Alcohol and Dementia
Updated: Oct 4, 2019
What is Dementia?
Dementia is a clinical term that is used to describe an array of symptoms:
It is a devastating condition as the diseases that cause dementia are progressive and unrelenting. It manifests by impacting the individual with the condition's ability to think and function on a normal level. The types of dementia are:
Alzheimer's Disease - often used interchangeably with dementia, Alzheimer's is the leading cause of dementia and is a neurodegenerative disease.
Vascular Dementia - this is when blood to the brain is reduced or stopped as a result of an injury or stroke. This reduced blood supply causes progressive damage to brain regions resulting in dementia symptoms.
Lewy Bodies Dementia - closely related to Parkinson's disease, this type of dementia is characterised by minute structures which are abnormal, forming inside brain cells.
Frontotemporal Dementia (Pick's Disease) - this type mainly affects younger individuals, and is associated with damage to brain cells in the frontal and temporal lobe brain regions.
Is there a cure?
There are currently no treatments that are known to effectively prevent, cure or treat dementia. This makes dementia one of the leading causes of death in the UK. Accounting for 1 in 8 of all deaths each year. Critically and most worryingly the numbers are increasing. This is in contrast to other major causes of death in the UK, including cancer, stroke and heart disease that have all experienced a fall in the number of deaths related to these conditions.
It is for this reason research into the causes of the disease and any potential cures is so important.
The Link with Alcohol
The medical journal The Lancet has just published an article about the largest study ever performed on a national level looking into dementia risk factors. The study observed over one million adults that were diagnosed with dementia in France, specifically early onset dementia. The study specifically focussed on the effect of alcohol use related disorders. The findings were enlightening as they highlighted the impact that chronic drinking can have on the brain and the likelihood of developing early onset dementia. Out of the 57000 cases of early onset dementia over 50% (57%) were linked to excessive drinking.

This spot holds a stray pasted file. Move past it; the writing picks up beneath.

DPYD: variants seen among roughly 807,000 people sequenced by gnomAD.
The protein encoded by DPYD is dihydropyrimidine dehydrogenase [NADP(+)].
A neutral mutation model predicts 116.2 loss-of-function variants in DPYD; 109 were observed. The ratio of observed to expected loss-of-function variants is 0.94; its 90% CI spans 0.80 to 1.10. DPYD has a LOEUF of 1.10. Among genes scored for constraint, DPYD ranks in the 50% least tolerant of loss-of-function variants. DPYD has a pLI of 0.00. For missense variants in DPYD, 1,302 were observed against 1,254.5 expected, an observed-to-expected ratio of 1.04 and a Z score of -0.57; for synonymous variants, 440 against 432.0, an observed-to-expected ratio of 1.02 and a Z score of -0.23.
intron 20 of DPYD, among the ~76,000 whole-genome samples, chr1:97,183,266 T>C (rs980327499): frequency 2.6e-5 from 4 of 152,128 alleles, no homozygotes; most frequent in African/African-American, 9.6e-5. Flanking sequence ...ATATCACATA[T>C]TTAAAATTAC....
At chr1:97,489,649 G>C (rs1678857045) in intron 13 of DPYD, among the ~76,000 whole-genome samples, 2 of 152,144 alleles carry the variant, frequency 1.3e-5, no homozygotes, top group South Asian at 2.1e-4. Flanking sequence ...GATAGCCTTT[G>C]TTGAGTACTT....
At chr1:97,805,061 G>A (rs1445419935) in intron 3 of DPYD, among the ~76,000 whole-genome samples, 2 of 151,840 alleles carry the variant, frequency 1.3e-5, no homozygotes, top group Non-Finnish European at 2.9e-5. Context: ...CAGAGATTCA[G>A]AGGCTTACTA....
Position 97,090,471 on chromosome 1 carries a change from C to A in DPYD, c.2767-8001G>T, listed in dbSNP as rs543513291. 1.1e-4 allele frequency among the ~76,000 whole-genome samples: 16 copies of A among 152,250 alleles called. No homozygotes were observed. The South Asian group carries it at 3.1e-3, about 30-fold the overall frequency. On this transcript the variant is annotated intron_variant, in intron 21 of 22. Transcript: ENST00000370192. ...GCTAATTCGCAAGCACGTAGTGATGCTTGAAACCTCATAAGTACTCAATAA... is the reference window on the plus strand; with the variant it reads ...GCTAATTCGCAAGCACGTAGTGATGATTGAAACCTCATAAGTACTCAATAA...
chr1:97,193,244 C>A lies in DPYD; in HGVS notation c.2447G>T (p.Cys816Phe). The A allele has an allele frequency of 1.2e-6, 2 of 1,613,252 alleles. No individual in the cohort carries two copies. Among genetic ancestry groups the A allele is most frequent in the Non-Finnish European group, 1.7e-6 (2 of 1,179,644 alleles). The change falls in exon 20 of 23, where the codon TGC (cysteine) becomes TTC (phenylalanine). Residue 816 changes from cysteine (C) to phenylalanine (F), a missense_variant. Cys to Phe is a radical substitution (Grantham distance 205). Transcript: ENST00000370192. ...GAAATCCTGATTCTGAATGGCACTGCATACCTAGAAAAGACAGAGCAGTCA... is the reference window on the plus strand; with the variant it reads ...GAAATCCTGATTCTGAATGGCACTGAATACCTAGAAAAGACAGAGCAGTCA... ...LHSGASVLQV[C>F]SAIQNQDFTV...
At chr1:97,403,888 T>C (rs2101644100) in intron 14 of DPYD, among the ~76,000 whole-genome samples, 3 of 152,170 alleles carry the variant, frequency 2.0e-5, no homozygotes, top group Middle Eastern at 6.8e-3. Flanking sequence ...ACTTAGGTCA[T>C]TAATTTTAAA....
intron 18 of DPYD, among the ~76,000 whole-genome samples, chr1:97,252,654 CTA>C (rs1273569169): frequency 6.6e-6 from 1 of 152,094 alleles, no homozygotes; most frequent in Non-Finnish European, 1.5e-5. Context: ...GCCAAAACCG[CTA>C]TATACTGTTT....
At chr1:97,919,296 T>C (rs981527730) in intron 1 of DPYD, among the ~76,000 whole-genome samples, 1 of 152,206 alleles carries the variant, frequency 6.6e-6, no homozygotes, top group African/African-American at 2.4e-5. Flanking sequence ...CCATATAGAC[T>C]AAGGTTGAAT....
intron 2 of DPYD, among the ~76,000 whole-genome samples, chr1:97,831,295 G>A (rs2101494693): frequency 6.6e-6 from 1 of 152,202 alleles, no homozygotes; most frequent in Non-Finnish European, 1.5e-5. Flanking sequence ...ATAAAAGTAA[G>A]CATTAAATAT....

The World Health Organisation (WHO) defines chronic heavy drinking as 4-5 drinks per day for men and 3 drinks for women. The authors of this research have since suggested that it would be advisable to screen for chronic drinking periodically amongst the population as a way to minimise the risk of this risk factor playing such a significant affect on underage deaths in those suffering from excessive alcohol consumption. Excessive alcohol consumption is thought to shorten lives by 20 years and with the reasons for these deaths being significantly associated with dementia, combating this problem will go someway to helping with the global dementia issue.
Michaël Schwarzinger, Bruce G Pollock, Omer S M Hasan, Carole Dufouil, Prof Jürgen Rehm, QalyDays Study Group. Contribution of alcohol use disorders to the burden of dementia in France 2008–13: a nationwide retrospective cohort study. The Lancet Public Health, 2018 DOI: 10.1016/S2468-2667(18)30022-7